What to expect in Heart Valve Replacement Surgery?

A valve replacement surgery is done on a patient’s damaged heart valve(s), in order to replace or repair it.

According to the four valves in your heart here are the four types of replacements:

  • Aortic valve replacement
  • Mitral valve replacement
  • Tricuspid valve replacement, and
  • Pulmonary valve replacement

In most cases, this involves an open-heart surgery – i.e., the surgeon opens your chest and heart to get to the diseased valve. Nowadays though, minimally invasive surgeries are advised for replacing valves – a procedure where a calculated and small incision near the sternum / breastbone is made.

Presently, the aortic valve replacement are approached in these three ways – open-heart surgery, minimally invasive cardiac surgery (MICS) and minimally invasive, catheter-based (Percutaneous) aortic valve replacement.

The transcatheter aortic valve replacement (TAVR) or transcatheter aortic valve implantation (TAVI), offers hope to those patients who have failing heart valves.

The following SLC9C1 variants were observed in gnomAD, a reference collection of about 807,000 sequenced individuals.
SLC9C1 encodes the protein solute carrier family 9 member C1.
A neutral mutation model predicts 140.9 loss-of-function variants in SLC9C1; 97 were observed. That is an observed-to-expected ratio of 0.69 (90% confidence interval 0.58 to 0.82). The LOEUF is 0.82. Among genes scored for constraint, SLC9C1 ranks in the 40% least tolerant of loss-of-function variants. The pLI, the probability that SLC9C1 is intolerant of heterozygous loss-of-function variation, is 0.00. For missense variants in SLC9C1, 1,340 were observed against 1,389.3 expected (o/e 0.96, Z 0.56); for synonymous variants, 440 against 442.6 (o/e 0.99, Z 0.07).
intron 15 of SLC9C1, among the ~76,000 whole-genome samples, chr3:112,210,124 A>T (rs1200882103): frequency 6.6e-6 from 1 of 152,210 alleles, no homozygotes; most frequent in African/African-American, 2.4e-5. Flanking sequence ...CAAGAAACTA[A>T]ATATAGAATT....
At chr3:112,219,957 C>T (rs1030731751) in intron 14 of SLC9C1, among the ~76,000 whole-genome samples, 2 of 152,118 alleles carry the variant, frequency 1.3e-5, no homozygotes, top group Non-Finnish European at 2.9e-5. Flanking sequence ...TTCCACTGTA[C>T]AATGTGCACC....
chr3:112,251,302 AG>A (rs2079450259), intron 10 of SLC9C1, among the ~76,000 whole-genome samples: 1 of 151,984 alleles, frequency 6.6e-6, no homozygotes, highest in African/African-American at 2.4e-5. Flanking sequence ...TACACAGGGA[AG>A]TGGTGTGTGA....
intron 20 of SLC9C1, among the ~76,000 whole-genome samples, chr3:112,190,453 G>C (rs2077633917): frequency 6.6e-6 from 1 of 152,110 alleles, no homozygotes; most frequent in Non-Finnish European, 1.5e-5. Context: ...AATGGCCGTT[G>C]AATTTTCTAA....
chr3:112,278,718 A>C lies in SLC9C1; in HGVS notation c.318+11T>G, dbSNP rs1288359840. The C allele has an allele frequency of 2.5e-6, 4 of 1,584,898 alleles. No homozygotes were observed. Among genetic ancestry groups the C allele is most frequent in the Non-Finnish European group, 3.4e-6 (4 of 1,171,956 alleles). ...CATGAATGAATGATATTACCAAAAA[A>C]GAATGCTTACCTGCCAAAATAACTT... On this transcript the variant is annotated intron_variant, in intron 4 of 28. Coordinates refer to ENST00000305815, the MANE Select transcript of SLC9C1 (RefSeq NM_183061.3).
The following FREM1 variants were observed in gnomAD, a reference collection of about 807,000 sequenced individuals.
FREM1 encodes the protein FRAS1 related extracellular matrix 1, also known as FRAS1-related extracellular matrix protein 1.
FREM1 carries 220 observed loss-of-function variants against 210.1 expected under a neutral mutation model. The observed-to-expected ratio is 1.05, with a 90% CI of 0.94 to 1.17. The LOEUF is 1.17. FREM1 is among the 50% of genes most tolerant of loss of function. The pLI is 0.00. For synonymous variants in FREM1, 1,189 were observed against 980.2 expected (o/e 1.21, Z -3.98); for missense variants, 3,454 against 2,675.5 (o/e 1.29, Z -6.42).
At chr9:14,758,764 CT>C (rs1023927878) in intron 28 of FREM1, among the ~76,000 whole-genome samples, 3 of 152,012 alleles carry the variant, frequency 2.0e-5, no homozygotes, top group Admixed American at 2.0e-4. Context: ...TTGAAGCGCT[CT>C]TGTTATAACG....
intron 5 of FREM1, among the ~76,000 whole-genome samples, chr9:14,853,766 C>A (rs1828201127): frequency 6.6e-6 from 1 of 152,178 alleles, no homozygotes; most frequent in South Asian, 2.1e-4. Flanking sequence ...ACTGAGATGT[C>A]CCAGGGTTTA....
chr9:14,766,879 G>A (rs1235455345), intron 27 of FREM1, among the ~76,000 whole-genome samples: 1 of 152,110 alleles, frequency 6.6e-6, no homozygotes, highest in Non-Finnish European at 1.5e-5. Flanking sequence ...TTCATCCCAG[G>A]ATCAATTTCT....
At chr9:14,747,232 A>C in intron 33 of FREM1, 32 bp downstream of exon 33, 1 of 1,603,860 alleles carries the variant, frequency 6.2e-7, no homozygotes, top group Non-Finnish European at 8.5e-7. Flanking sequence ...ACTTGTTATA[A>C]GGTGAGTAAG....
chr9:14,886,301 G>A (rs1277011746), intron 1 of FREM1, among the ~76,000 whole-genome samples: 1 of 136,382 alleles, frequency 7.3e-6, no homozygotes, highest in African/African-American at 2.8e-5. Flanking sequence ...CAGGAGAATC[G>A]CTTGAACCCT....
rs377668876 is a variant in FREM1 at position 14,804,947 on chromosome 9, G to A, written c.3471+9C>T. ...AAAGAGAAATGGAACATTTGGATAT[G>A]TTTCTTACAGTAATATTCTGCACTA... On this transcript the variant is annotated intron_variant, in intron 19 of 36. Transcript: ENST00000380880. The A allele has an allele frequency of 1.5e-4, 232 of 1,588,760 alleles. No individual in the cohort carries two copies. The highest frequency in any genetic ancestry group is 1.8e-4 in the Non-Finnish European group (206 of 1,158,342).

Who is a good candidate for TAVI or TAVR?

Reserved for those people for whom an open heart procedure is too risky. Patients in their 70s or 80s who have other medical conditions are generally advised for TAVI or TAVR

The TAVR method is commonly performed for those patients who have less tolerance towards surgery as TAVI or TAVR is a less invasive approach for aortic valve replacement.

This is especially advised for those suffering from aortic valve stenosis (a condition where the aortic valve narrows).

Basic Procedural overview:

TAVR procedure involves valve delivery through multiple approaches. One of the popular approach is the “Transfemoral route” in which the main artery in your groin is used as a route for the insertion of a new valve. A metal stent containing a valve is deployed using a balloon. This will implant the stent into the valve, in effect opening the narrowed valve and grafting the stent in place.

Our team at Total Cardiac Care is experienced in the replacement of one or more heart valves. In most cases, this is done through an artificial heart valve or a bioprosthesis (homograft, meaning from human tissue or a xenograft i.e. from an animal tissue).

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